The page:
If you want your child to grow up to be an Olympic long-jumper, you’d better not let them watch too much of the Olympics on TV, according to a recent study. The CBC is reporting that “Each weekly hour of TV at 29 months of age corresponded to a decrease of about a third of a centimetre in the distance a child was able to jump” as per the University of Montreal’s findings.
Although the long jump isn’t the sexiest sport at the Games, Baby Boomers may remember Bob Beamon’s lengthy leap of 8.90 m at the 1968 Games, a then-World Record that stood for 23 years. (For the record, I once jumped 4.50 metres, or a “half-Beamon” in junior high…) Mind you, Canada has not won a medal in long jump since 1908(!) so it seems strange that the UdeM would be testing fourth graders in that discipline, though the CBC notes that a standing long jump is a good indicator of “explosive leg strength” for other Olympic events such as basketball, sprinting and soccer.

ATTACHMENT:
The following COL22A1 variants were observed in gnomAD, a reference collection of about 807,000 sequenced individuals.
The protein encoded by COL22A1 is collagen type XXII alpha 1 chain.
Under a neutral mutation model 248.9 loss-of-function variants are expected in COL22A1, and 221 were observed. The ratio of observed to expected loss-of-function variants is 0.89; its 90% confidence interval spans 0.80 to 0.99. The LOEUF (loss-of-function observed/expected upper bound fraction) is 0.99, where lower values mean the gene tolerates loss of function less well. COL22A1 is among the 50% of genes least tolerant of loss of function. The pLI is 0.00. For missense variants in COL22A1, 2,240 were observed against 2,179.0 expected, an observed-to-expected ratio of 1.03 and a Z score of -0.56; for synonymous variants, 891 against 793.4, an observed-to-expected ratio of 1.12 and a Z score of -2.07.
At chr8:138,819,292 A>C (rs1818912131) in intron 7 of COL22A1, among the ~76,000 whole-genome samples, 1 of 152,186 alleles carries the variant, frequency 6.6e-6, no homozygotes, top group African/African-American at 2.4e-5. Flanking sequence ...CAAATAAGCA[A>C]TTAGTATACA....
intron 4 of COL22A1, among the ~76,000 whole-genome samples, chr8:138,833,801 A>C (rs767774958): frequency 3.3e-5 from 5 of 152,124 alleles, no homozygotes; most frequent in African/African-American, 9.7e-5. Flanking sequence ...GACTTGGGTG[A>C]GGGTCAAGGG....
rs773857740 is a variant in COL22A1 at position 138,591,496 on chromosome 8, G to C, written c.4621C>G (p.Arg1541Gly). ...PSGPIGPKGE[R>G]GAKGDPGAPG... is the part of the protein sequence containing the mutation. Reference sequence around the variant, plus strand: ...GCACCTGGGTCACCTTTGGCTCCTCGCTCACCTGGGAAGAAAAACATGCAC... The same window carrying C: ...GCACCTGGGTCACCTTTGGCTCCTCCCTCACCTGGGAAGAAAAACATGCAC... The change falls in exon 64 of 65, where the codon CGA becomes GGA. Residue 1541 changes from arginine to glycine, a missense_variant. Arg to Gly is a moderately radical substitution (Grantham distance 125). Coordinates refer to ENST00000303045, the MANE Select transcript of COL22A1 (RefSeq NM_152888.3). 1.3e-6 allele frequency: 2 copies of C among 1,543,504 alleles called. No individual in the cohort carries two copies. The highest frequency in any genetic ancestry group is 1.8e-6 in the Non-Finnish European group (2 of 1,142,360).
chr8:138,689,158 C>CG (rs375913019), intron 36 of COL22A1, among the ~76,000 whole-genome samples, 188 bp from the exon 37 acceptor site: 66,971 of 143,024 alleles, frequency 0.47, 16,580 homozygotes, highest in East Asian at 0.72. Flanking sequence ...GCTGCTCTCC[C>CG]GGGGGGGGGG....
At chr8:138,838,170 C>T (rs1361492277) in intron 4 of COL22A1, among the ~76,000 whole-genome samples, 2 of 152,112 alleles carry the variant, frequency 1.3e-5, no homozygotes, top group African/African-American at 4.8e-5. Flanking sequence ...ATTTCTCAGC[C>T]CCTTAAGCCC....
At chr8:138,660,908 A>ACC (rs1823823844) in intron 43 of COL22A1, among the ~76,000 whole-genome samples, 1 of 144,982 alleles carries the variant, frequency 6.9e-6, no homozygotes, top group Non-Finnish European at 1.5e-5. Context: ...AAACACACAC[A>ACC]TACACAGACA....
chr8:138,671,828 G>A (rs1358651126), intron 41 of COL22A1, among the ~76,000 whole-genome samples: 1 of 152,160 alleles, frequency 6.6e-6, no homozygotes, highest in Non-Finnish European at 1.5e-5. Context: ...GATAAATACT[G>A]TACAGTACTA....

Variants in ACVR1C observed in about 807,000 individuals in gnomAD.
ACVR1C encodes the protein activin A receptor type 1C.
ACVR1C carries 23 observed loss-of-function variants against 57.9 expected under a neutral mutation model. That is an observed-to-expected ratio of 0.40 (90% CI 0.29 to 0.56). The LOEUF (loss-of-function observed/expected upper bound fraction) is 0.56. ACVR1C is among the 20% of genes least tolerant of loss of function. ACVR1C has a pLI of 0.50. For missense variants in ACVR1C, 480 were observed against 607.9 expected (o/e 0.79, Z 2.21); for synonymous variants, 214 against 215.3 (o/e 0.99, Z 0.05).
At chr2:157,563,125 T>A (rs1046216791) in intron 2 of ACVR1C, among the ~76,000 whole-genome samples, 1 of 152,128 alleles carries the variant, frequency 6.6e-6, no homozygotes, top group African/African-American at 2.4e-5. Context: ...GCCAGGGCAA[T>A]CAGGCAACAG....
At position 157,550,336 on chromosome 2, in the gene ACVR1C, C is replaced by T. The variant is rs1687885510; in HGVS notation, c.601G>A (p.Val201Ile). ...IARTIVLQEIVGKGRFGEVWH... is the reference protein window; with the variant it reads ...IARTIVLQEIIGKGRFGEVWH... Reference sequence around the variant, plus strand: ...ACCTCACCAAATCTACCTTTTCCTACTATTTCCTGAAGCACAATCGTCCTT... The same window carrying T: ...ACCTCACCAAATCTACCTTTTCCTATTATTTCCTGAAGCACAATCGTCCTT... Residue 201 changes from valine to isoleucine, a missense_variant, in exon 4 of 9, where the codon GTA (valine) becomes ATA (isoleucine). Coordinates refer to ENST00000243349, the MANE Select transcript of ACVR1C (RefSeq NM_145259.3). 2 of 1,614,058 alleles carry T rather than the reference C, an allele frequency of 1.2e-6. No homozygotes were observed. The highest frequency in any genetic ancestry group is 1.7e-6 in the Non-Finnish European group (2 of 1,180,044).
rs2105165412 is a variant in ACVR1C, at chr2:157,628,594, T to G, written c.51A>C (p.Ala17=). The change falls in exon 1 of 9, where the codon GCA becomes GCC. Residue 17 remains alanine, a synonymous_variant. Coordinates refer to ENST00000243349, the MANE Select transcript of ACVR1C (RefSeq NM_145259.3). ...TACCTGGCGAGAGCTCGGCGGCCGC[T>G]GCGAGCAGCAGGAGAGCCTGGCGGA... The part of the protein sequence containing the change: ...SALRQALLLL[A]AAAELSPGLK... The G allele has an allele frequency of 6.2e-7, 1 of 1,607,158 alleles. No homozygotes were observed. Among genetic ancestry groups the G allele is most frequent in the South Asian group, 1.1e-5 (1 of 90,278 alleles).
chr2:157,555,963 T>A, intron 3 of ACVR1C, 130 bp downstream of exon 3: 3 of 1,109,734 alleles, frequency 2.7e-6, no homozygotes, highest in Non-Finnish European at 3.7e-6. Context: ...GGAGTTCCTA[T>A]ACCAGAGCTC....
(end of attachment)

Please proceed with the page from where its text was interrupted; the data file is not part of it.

Of course, it’s not the x-rays from the TV that are tragically shaving centimetres off our young leapers’ results, but the lack of movement that occurs when you plop ‘em down in front of the tube. As per the study, “Watching more TV displaces more educational and physically active pursuits and risks teaching children inaccurate information about proper eating.” I suppose that if you let your kid practice his standing long jump while watching the Olympic event, he might still be okay—though you might need to replace your couch/landing pad by the end of the Games.
In any case, with a significant number of Canadian youth expanding their waistlines in front of the boob tube, it looks like Edrick Floreal’s National Record of 8.20 m should be safe for years to come.